Dr. Farzin Kabaei on COVID-19 recovery, herd immunity & threats to private practice

Angie Stewart -   Print  |

Becker's Spine Review asked Farzin Kabaei, MD, of DOCS Spine + Orthopedics in Los Angeles to share how his practice has adapted during the pandemic, what he is watching most closely in terms of COVID-19 developments, and what's top-of-mind for orthopedic surgeons today.

Note: Responses were lightly edited for style and length.

Question: What innovative strategies has your practice implemented to weather the COVID-19 pandemic?

FK: We implemented a makeshift orthopedic urgent care in our office. Our team made ourselves available for urgent and emergency phone calls to divert orthopedic and spine ailments from the emergency room to our offices. Since DOCS Spine + Orthopedics owns and operates our own orthopedic hospital, it allows us to take any surgical trauma cases there regardless of age and comorbidities. Our hospital does not treat COVID-19 patients and provides a safe alternative to going to a general emergency room. This also provides relief to our local hospitals by diverting orthopedic care patients; it allows them to conserve their personal protective equipment, have more available beds and mitigate the spread of COVID-19.

Q: There's a lot we still don't know about COVID-19, or how it will affect life in the next year or so. Which developments are you following most closely?

FK: One, understanding how herd immunity works and its potential impact against COVID-19. This is when a substantial amount of the population becomes immune to the virus, either through previous infection or by vaccination, reducing the likelihood of infecting those who are not. Two, maintaining our strict protocols of handwashing, temperature monitoring and routine testing of our staff with the possibly a rapid saliva test.

Q: Other than recovery from COVID-19, what are the top concerns for orthopedic surgeons today?

FK: Today, physicians have less control over patient care than they did yesterday, and that trend is steadily increasing. There are two main reasons; first, insurance companies and the government (Medicare) have created a medical coding system that makes the tax code look like homework for a second grader. This has made it extremely difficult for a physician to efficiently bill and get paid without a team of billers constantly following up on payments. Second, since reimbursements for services have been on a decline, more and more recently graduated physicians are joining the "big box" hospital system as an employee. The hospital provides a stable salary, insurance and benefits for a physician's family and paid time off, however, they have now become part of the problem.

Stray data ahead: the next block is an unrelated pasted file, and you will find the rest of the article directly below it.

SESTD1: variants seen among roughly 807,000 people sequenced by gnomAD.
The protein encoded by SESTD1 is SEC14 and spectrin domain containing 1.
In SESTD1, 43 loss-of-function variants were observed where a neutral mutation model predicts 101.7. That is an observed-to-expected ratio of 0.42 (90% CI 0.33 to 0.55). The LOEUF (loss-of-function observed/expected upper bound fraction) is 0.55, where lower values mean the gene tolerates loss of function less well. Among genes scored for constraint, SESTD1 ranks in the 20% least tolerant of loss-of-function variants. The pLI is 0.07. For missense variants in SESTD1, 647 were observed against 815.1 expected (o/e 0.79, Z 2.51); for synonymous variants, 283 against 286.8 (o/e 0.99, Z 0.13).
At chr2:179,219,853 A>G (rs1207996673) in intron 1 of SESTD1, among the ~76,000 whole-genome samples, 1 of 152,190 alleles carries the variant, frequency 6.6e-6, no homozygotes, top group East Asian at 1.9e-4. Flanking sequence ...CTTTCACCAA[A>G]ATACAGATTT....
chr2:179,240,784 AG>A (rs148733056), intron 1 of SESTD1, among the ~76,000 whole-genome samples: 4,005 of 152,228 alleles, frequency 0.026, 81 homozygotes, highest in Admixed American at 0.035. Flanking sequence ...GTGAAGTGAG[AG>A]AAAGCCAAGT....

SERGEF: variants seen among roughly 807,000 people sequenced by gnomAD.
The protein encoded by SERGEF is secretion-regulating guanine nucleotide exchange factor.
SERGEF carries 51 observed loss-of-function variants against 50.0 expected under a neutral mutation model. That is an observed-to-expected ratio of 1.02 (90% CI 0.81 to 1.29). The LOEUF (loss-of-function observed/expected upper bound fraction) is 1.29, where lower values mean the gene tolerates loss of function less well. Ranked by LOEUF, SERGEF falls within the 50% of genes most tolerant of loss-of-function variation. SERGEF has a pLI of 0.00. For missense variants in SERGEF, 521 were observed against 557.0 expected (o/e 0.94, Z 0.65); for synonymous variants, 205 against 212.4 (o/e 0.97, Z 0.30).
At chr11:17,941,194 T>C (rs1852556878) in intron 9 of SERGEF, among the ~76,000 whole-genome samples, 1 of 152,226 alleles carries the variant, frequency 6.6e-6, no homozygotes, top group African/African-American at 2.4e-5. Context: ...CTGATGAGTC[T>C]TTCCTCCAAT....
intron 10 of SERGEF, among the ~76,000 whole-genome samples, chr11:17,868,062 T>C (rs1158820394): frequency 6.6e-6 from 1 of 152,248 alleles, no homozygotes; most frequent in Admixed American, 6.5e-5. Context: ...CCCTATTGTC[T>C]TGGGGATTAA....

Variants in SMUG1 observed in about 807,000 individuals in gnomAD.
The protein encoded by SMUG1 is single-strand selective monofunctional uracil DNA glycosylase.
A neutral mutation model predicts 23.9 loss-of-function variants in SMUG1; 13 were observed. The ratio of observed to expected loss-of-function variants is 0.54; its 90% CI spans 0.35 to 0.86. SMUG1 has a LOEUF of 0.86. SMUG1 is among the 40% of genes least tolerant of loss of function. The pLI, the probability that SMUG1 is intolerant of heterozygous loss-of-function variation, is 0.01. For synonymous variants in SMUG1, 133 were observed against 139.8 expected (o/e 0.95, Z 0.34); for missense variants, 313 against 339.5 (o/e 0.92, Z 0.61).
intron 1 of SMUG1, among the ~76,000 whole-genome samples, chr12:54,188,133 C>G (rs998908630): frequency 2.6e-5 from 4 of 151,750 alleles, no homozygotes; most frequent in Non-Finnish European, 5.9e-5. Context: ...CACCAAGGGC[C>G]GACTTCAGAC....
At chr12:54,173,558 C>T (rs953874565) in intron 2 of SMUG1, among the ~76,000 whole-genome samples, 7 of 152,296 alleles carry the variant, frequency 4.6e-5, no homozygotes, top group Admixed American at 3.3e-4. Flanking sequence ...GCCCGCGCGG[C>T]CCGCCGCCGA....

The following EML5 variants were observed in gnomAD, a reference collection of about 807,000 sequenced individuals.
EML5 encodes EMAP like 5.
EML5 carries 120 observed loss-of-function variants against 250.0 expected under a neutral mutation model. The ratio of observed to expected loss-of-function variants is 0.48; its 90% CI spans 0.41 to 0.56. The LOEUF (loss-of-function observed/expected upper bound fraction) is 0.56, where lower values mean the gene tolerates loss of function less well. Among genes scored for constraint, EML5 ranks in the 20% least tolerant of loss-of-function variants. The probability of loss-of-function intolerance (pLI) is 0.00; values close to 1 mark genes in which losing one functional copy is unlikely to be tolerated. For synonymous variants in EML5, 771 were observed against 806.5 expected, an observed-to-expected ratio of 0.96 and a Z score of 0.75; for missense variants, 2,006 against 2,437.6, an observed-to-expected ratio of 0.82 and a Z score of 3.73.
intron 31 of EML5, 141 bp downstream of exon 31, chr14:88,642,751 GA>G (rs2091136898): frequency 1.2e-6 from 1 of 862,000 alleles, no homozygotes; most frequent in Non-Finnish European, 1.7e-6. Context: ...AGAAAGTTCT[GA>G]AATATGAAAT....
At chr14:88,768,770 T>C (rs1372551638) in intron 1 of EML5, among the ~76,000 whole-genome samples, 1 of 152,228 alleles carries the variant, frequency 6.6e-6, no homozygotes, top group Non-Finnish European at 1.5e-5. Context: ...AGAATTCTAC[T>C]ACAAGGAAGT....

The bureaucratic beast that is our hospital system will continue to grow and swallow young physicians. It wastes taxpayer dollars on hiring more bureaucrats to put up red tape. This will inevitably make it more and more difficult for physicians to have private practices and have control over the care they provide — it discourages innovation. It is increasingly difficult for a hospital system to implement a new technology due to the bevy of red tape. This delays quality care to our population, especially in the spine and orthopedic surgery field, where there have been key technological advancements made in robotic surgery. DOCS Spine + Orthopedics surgery center has purchased two robots, costing well over $1 million in a matter of 12 months, where the same purchase would take a "big box" hospital three to five years. We need to go back to a simpler and more efficient model. You'll always be treated better at a speciality boutique (DOCS) than a big-box (large, bureaucratic hospital).

Want to share your thoughts on this topic? Email Angie Stewart: astewart@beckershealthcare.com.

More articles on orthopedics:
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Smith+Nephew agrees to $240M deal to acquire Integra LifeSciences' extremity orthopedics line

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